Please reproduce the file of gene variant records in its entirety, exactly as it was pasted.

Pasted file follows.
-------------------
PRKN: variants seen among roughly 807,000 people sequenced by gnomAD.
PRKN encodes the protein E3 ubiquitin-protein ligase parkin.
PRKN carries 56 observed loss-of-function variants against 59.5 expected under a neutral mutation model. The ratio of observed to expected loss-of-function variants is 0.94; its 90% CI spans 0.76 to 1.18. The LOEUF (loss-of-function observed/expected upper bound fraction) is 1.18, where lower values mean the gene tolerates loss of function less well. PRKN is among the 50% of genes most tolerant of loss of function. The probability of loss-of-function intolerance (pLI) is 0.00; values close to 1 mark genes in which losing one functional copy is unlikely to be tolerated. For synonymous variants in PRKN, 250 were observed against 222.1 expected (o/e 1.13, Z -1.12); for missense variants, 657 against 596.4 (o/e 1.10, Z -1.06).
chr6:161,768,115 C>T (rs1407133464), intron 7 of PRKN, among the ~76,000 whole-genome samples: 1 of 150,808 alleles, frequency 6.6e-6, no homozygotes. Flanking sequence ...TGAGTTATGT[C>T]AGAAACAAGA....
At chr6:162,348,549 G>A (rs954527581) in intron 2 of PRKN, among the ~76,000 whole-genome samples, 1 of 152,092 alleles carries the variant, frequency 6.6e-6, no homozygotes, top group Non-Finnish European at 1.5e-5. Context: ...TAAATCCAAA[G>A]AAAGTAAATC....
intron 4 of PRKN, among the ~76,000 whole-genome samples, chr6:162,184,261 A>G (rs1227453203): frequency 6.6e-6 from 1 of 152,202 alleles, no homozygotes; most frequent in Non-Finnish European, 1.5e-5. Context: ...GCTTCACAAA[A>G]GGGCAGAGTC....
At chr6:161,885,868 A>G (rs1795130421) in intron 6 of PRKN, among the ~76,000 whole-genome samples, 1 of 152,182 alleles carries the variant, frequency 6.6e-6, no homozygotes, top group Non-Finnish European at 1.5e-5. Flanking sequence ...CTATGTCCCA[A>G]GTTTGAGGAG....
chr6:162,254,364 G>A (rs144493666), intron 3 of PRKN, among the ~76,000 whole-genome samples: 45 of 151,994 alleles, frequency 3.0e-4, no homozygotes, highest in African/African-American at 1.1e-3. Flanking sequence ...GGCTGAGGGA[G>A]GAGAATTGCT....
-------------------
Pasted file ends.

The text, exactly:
PRKN: variants seen among roughly 807,000 people sequenced by gnomAD.
PRKN encodes the protein E3 ubiquitin-protein ligase parkin.
PRKN carries 56 observed loss-of-function variants against 59.5 expected under a neutral mutation model. The ratio of observed to expected loss-of-function variants is 0.94; its 90% CI spans 0.76 to 1.18. The LOEUF (loss-of-function observed/expected upper bound fraction) is 1.18, where lower values mean the gene tolerates loss of function less well. PRKN is among the 50% of genes most tolerant of loss of function. The probability of loss-of-function intolerance (pLI) is 0.00; values close to 1 mark genes in which losing one functional copy is unlikely to be tolerated. For synonymous variants in PRKN, 250 were observed against 222.1 expected (o/e 1.13, Z -1.12); for missense variants, 657 against 596.4 (o/e 1.10, Z -1.06).
chr6:161,768,115 C>T (rs1407133464), intron 7 of PRKN, among the ~76,000 whole-genome samples: 1 of 150,808 alleles, frequency 6.6e-6, no homozygotes. Flanking sequence ...TGAGTTATGT[C>T]AGAAACAAGA....
At chr6:162,348,549 G>A (rs954527581) in intron 2 of PRKN, among the ~76,000 whole-genome samples, 1 of 152,092 alleles carries the variant, frequency 6.6e-6, no homozygotes, top group Non-Finnish European at 1.5e-5. Context: ...TAAATCCAAA[G>A]AAAGTAAATC....
intron 4 of PRKN, among the ~76,000 whole-genome samples, chr6:162,184,261 A>G (rs1227453203): frequency 6.6e-6 from 1 of 152,202 alleles, no homozygotes; most frequent in Non-Finnish European, 1.5e-5. Context: ...GCTTCACAAA[A>G]GGGCAGAGTC....
At chr6:161,885,868 A>G (rs1795130421) in intron 6 of PRKN, among the ~76,000 whole-genome samples, 1 of 152,182 alleles carries the variant, frequency 6.6e-6, no homozygotes, top group Non-Finnish European at 1.5e-5. Flanking sequence ...CTATGTCCCA[A>G]GTTTGAGGAG....
chr6:162,254,364 G>A (rs144493666), intron 3 of PRKN, among the ~76,000 whole-genome samples: 45 of 151,994 alleles, frequency 3.0e-4, no homozygotes, highest in African/African-American at 1.1e-3. Flanking sequence ...GGCTGAGGGA[G>A]GAGAATTGCT....